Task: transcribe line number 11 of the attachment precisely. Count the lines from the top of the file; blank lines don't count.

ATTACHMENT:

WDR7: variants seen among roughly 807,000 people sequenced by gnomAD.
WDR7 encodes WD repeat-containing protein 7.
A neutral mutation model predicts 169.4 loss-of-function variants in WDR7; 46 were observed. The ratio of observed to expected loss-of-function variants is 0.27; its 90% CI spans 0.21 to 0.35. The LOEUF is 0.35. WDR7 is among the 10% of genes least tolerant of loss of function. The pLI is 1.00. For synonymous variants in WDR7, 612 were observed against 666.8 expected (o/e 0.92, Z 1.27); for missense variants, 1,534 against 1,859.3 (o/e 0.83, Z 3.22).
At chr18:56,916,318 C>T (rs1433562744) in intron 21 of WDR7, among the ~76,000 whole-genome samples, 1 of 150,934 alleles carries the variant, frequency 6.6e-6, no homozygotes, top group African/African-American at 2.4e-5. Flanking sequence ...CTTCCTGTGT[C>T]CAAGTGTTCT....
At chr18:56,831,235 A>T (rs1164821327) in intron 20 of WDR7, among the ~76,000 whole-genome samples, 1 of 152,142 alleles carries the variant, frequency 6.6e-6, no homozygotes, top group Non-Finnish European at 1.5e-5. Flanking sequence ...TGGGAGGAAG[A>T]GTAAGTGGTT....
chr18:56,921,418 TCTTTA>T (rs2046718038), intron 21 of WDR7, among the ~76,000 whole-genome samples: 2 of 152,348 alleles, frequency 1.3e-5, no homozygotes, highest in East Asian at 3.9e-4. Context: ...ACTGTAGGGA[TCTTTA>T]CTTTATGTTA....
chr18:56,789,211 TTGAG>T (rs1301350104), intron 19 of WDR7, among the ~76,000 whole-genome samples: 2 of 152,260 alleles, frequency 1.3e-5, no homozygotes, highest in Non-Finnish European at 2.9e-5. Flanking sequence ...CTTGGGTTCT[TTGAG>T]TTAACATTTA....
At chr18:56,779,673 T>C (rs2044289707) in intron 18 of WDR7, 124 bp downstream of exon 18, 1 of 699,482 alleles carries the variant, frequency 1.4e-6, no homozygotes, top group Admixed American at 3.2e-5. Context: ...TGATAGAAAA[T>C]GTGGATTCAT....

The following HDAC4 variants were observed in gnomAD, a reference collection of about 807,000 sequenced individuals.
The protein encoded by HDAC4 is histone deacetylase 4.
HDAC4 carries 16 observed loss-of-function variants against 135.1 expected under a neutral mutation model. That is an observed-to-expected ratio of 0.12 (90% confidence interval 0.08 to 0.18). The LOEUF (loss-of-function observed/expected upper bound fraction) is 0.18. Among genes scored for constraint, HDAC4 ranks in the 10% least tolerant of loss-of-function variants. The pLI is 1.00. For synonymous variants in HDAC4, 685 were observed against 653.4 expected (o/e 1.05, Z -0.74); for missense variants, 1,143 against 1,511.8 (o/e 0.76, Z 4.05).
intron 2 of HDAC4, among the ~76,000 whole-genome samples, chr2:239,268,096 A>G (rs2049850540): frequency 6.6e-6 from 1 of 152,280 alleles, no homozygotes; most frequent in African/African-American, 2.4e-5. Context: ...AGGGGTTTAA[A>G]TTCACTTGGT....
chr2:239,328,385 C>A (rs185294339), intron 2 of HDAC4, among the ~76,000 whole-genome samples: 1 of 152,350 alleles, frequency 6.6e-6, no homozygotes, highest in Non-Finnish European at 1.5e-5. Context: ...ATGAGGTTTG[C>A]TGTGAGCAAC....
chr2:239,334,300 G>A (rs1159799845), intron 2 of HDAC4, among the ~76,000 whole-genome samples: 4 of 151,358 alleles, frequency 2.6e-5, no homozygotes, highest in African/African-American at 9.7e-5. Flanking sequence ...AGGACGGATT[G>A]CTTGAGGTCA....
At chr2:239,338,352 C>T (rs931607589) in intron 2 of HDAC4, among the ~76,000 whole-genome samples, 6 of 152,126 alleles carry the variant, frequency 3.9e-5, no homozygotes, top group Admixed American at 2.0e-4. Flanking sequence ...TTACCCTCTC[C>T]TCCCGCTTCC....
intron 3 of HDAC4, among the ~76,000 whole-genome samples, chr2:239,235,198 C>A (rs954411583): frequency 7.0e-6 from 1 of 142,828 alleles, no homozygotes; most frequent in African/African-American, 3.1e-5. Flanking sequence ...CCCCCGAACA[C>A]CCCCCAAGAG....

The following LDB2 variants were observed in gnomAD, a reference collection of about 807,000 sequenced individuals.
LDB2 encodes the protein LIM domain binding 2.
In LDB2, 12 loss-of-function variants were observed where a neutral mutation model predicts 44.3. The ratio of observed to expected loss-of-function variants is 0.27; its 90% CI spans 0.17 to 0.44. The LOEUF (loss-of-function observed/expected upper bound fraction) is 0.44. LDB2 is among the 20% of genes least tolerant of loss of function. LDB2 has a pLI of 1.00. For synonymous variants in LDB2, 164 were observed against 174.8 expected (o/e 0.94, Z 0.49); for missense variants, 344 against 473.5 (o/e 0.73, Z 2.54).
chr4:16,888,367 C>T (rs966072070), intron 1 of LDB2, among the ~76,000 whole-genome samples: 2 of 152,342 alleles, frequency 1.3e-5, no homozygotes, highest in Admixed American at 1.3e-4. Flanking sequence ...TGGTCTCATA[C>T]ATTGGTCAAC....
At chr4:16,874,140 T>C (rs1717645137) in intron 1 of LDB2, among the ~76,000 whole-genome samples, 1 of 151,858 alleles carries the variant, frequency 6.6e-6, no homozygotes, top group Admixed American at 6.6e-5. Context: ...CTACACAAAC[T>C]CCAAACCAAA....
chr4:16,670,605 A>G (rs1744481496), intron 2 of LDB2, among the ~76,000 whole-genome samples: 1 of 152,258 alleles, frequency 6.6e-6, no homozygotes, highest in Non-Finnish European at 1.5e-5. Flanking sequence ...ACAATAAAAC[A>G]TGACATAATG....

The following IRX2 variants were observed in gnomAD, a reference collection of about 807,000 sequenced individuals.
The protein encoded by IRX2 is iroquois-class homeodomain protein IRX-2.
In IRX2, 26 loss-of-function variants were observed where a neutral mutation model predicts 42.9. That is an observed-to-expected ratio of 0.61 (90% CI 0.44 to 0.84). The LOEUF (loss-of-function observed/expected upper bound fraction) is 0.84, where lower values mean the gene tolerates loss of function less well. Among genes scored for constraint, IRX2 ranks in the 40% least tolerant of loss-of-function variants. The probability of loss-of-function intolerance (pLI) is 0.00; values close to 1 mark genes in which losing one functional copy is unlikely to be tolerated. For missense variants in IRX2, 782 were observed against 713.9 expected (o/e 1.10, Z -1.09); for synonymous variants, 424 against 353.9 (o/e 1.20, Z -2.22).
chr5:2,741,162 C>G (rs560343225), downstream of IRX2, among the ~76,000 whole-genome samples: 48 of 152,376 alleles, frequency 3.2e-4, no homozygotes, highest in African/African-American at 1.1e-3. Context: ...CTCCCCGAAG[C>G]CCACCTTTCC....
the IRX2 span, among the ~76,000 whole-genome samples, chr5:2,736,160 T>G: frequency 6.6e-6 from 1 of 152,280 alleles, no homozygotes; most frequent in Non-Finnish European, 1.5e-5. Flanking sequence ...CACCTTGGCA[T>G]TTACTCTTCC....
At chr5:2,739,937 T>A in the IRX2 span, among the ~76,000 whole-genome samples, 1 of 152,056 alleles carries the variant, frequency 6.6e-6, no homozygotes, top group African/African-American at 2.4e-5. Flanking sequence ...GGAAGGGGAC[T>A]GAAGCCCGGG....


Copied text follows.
HDAC4 carries 16 observed loss-of-function variants against 135.1 expected under a neutral mutation model. That is an observed-to-expected ratio of 0.12 (90% confidence interval 0.08 to 0.18). The LOEUF (loss-of-function observed/expected upper bound fraction) is 0.18. Among genes scored for constraint, HDAC4 ranks in the 10% least tolerant of loss-of-function variants. The pLI is 1.00. For synonymous variants in HDAC4, 685 were observed against 653.4 expected (o/e 1.05, Z -0.74); for missense variants, 1,143 against 1,511.8 (o/e 0.76, Z 4.05).